• Describe the protagonist with clear objectives (you don’t need names but characters).
  • Know something about the character using adjectives.
  • If you don’t have a clear goal or objectives you have a problem.
  • Use irony. In any great example there will be irony which makes the journey more difficult.
  • Increase the stakes to get more impact. 
  • Plot is the sequence of events characters go through that ties a movie together.
  • Story is what the narrative is about. It cuts to the heart of why the characters are doing what they are doing what they are doing.

None of this is rocket science but it does set the rules of engagement, particularly for newer screen creators. In a way, it drives our thinking from static to dynamic. It helps to link the various elements together, because problems have to be solved simultaneously. 

Walter Bientz and Anna Churven ran a practical exercise to develop the logline for a short film. There were plenty of emerging filmmakers in the room, who quickly found evocative adjectives for the central character and his inner journey which communicated the essential freshness of the film. They are looking inside the structure, to distinguish plot and story, apparent and underlying; one way of diagnosing failure in a project is to track how that disappears under the pressure of genre formalities and managing resources. 

 I really liked a remark from Anna Churven.

‘Filmmakers limit themselves a lot of the time’ she said. ‘They work back from the budget and focus on the nuts and bolts, and the temperament of the marketplace. 

‘We can say “what if”. We can stretch and see how we can pull it until it breaks.

‘Filmmakers here have amazing skills and can create partnerships. They should not be limited, at least in the first phase.’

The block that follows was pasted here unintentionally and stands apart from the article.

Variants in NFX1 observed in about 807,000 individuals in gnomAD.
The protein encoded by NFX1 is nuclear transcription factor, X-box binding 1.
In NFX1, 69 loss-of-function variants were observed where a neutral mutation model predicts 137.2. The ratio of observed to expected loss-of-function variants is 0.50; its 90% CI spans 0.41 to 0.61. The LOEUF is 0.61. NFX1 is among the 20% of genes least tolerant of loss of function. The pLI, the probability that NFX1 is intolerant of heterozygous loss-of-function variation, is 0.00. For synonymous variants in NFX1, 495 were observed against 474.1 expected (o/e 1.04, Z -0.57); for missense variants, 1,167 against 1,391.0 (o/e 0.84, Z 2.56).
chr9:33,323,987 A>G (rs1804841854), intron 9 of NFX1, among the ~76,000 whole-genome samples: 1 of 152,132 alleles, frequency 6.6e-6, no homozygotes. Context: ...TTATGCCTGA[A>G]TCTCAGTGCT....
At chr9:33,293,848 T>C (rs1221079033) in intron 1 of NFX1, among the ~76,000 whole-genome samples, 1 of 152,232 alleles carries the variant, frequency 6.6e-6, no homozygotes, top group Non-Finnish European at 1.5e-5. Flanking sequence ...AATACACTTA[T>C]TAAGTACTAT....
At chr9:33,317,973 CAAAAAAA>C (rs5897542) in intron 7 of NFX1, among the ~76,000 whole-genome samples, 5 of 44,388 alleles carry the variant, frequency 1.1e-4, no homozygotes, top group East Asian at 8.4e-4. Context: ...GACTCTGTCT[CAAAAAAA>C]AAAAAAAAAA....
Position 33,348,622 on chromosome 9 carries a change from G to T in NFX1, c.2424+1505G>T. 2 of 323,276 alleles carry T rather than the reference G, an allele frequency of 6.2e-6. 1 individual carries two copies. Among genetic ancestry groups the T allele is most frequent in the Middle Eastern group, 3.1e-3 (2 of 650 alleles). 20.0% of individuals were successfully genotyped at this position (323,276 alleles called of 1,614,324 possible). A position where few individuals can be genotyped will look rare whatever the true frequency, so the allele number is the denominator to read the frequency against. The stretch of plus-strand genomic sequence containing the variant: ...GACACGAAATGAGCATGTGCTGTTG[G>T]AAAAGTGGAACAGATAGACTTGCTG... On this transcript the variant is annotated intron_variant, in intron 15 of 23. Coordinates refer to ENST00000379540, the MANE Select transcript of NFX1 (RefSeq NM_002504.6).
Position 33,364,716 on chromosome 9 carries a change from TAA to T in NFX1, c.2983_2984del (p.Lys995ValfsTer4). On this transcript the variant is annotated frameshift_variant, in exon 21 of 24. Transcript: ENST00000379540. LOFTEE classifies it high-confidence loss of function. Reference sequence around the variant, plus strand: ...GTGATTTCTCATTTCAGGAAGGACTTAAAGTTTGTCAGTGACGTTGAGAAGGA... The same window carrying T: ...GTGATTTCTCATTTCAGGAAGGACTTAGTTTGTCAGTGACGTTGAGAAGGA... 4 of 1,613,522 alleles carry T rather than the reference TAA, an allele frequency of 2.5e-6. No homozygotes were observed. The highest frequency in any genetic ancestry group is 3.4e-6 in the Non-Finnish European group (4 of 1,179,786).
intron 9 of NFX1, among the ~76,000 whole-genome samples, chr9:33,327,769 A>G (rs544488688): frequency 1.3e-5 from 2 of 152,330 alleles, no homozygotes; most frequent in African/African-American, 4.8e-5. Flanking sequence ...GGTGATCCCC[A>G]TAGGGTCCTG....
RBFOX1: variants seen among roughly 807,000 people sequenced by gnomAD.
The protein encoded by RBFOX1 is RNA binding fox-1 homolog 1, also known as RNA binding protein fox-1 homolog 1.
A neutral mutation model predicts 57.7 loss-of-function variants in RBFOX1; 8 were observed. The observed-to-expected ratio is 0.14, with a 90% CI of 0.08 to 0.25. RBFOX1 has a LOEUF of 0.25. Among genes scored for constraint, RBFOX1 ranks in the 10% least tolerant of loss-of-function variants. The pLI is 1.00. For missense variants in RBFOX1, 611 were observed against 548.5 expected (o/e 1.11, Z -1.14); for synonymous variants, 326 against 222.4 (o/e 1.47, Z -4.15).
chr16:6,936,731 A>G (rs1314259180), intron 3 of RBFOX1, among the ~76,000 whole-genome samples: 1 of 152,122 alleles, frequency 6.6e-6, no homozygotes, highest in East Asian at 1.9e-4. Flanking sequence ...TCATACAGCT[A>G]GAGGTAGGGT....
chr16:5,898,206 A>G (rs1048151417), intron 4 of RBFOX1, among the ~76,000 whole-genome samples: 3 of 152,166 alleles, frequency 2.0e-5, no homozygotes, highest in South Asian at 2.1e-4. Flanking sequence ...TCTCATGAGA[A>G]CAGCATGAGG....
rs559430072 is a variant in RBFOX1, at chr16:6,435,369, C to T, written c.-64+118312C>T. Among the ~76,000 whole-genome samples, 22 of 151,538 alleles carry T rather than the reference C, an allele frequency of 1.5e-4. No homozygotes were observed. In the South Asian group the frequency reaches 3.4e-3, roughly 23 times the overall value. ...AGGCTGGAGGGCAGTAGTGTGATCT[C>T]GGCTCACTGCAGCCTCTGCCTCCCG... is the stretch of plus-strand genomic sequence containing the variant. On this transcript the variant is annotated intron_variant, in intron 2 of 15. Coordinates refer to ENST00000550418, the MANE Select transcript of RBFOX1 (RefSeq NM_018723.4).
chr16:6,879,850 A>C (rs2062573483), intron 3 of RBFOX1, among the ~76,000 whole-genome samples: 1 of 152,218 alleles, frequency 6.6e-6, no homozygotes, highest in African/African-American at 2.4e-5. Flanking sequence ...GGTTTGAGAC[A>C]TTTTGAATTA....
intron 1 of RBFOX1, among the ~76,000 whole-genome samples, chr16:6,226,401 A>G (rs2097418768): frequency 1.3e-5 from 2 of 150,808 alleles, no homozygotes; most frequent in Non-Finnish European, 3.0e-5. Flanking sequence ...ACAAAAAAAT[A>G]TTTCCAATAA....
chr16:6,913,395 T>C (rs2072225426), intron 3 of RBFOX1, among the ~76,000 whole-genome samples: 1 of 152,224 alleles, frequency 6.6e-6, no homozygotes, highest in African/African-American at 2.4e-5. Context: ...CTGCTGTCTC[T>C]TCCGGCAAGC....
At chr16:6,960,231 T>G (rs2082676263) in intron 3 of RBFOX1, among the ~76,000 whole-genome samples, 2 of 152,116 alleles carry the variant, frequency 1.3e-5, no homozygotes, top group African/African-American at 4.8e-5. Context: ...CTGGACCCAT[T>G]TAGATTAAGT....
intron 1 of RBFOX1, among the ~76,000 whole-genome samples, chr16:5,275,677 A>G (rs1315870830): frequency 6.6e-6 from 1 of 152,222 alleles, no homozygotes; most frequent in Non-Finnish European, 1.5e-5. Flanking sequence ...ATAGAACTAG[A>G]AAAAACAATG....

Walter Bientz referred to a quote from John Le Carre, the great spy writer, really named David Cornwall, who has reflected on his work in fascinating ways. I pulled out the whole statement from an interview led by George Plimpton, published in the Paris Review. 

George Plimpton: What happens then? You have your character; what process follows?

Le Carre: ‘The process is empathy, fear and dramatization. I have to put him into conflict with something, and that conflict usually comes from within. They’re usually people who are torn in some way between personal and institutional loyalty. Then there’s external conflict. “The cat sat on the mat” is not the beginning of a story, but “The cat sat on the dog’s mat is.”

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The full interview is included in Conversations with John le Carre, edited by Matthew J. Bruccoli and Judith S. Baughman. 

David Tiley was the Editor of Screenhub from 2005 until he became Content Lead for Film in 2021 with a special interest in policy. He is a writer in screen media with a long career in educational programs, documentary, and government funding, with a side order in script editing. He values curiosity, humour and objectivity in support of Australian visions and the art of storytelling.